LOS ANGELES -- With the NBA trade deadline set for 3 p.m. EST on Thursday, we've traded coasts to be near the Boston Celtics for what has the potential to be a franchise-altering and season-defining 36 hours.
After a solid month of whispers, most of which have proved to be nothing more than scuttlebutt, it's time for president of basketball operation Danny Ainge and the rest of the NBA general managers -- to show theirs hands. Is Ainge content to stick with what he's been dealt this season, or will he draw from the deck looking to upgrade?
As we land in Los Angeles, reports indicate that the Celtics and Knicks remain in advanced talks about a proposed Eddie House-for-Nate Robinson swap. The Celtics practice here at 6:30 p.m. EST, and we'll keep you posted on the latest in ESPN Boston's Celtics Blog.
All of this somehow relegates the Celtics-Lakers battle Thursday night at the Staples Center to a bit of an undercard. But, needless to say, a whirlwind 36 hours to come out here on the West Coast.
This week's 'bag is loaded with trade suggestions and personnel discussion (some of it answered before this House-Robinson trade gained steam). Readers were so caught up in making a deal, not a single person made fun of my picture. That means it's all business, this week.
Click a link below to jump to that section:
Let's Make a Deal
Q: I know you hate trade season, so are you excited for it to come to an end? What move do you think the Celtics will make? I think the Celtics end up keeping Ray Allen for lack of a sound offer, but moving other expiring contracts for someone like Nate Robinson to bolster the bench. I think if this team stays together they will start playing the best ball of their season after the trading deadline. -- Evan (Boston)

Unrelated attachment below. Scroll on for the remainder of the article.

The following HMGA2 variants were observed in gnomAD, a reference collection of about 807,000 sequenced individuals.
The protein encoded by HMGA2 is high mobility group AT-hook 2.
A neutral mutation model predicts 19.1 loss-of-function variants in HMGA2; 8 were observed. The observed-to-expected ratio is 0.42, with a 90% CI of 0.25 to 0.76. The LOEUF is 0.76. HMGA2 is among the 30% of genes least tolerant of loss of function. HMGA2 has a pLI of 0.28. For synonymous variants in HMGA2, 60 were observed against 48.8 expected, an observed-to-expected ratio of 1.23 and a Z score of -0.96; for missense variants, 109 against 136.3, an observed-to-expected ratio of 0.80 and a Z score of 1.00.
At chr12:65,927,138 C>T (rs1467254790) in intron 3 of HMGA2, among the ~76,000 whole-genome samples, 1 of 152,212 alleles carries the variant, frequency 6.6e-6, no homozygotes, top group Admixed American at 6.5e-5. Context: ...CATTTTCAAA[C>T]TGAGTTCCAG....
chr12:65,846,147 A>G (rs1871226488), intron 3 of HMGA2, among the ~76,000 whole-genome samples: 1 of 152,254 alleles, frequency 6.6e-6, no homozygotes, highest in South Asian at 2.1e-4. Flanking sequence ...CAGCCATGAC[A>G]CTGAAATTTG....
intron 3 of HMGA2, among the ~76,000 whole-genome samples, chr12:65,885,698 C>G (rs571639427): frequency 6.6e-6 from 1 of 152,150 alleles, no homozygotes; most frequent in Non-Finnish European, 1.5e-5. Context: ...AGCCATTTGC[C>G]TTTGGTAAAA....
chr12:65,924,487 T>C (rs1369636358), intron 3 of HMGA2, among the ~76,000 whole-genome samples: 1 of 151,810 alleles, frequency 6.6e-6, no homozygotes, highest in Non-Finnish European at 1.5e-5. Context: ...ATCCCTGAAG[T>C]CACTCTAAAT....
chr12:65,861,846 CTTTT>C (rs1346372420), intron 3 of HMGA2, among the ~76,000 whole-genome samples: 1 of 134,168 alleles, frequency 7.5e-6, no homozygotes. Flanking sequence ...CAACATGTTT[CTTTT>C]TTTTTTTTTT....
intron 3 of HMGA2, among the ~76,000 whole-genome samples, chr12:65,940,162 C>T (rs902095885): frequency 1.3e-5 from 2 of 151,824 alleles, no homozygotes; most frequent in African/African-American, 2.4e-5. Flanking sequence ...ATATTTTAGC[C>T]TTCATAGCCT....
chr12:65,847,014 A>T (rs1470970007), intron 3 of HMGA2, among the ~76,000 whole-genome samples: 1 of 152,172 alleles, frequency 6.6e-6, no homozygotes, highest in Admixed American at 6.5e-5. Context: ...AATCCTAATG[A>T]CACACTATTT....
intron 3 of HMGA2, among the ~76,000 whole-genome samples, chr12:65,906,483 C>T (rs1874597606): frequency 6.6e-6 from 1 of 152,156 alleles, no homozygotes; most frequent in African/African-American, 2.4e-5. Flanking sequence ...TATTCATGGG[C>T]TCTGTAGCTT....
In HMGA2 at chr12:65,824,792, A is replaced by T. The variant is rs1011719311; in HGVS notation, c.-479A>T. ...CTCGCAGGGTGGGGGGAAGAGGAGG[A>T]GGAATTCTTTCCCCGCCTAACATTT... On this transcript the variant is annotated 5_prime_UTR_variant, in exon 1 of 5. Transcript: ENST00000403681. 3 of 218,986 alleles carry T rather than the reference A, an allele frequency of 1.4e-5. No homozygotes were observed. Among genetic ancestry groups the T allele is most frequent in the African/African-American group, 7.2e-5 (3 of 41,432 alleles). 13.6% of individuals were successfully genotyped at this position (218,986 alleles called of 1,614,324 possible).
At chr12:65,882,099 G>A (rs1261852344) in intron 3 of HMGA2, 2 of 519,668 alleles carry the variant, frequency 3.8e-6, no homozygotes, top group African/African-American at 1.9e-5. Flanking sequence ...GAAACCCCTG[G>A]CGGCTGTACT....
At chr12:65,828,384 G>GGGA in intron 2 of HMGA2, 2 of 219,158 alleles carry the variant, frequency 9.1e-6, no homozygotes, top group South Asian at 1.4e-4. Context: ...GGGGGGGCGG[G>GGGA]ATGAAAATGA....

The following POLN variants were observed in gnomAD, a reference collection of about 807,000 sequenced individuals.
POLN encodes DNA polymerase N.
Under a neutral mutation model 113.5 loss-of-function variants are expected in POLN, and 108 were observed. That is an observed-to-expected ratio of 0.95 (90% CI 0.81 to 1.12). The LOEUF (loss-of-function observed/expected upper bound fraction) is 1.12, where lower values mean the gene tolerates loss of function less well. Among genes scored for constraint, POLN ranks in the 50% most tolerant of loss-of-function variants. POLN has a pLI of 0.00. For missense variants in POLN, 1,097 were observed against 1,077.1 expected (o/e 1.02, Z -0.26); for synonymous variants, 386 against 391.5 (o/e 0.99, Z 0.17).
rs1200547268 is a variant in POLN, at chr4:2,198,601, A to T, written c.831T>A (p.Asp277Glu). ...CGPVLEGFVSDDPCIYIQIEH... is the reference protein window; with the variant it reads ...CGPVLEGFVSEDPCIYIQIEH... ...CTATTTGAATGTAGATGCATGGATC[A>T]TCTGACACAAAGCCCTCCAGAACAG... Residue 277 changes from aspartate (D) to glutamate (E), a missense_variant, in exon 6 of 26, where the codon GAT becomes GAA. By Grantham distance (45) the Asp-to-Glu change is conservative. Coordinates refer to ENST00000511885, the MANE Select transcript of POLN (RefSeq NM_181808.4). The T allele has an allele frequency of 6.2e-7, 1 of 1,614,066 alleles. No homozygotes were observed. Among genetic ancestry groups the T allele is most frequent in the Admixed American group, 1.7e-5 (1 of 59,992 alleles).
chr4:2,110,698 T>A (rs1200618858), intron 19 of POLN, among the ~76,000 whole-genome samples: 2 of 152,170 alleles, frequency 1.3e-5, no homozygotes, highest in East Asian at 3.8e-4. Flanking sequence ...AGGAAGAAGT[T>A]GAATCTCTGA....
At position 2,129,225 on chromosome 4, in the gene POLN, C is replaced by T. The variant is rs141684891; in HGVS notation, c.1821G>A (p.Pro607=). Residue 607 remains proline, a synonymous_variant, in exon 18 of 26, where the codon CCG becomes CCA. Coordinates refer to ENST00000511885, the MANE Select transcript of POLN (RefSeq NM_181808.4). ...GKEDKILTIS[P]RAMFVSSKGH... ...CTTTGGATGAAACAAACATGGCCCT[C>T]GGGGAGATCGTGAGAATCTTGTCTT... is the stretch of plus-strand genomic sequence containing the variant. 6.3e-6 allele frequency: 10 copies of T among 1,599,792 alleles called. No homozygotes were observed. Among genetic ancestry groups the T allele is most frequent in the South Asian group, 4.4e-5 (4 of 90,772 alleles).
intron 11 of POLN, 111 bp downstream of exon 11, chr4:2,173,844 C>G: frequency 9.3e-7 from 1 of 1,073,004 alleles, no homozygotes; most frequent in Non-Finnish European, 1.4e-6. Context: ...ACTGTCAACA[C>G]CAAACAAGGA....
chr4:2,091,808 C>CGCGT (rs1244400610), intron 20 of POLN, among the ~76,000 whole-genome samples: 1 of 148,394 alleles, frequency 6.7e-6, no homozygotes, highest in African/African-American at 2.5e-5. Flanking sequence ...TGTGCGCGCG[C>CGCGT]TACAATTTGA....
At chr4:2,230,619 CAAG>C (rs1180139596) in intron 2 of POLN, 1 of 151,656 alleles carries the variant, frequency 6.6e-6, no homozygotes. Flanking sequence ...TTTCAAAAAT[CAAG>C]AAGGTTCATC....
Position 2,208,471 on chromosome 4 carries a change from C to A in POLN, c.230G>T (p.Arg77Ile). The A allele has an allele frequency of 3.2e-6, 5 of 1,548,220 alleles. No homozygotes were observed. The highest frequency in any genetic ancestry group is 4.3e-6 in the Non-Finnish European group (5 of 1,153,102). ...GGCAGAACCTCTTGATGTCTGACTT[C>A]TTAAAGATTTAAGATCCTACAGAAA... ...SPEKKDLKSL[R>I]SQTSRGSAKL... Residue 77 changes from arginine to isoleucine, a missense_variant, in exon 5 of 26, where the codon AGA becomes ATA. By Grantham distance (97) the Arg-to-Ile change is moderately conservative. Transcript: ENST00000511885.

A: Evan, I think the only people happier than me to see trade season expire will be the players (on the opposite end of the spectrum, Ainge's cell phone provider will lament the sudden downturn in business ). Let's be honest, the players can't avoid the rumors. In the age of text messages and Twitter, these guys are well aware of what people are saying (and there has to be more stress when a player is worried about selling his home and moving his family to a new location). The trade deadline passing is sure to bring peace of mind to some players in the Boston locker room.
Since you've given me the platform, let's kick this mailbag off by not only tackling your question, but giving my best guess at to what's going to unfold before Thursday's deadline.
As I've stated all along, I think Ray Allen stays in Boston. I do think the Celtics will explore all potential offers and, knowing they have to get younger for the future, will have to keep an open mind to those deals. But ultimately they won't find adequate value for Allen in this trade market. As much as some teams would love to clear $19 million in cap space for the upcoming free-agent bonanza, those teams are not about to mortgage their own future by giving up a quality young player, only to have, say, LeBron James or Dwyane Wade pass them over this summer. No team wants to get stuck overpaying for a B-level free-agent signing, while trying to replace the guy they traded away to clear cap space for an A-level talent.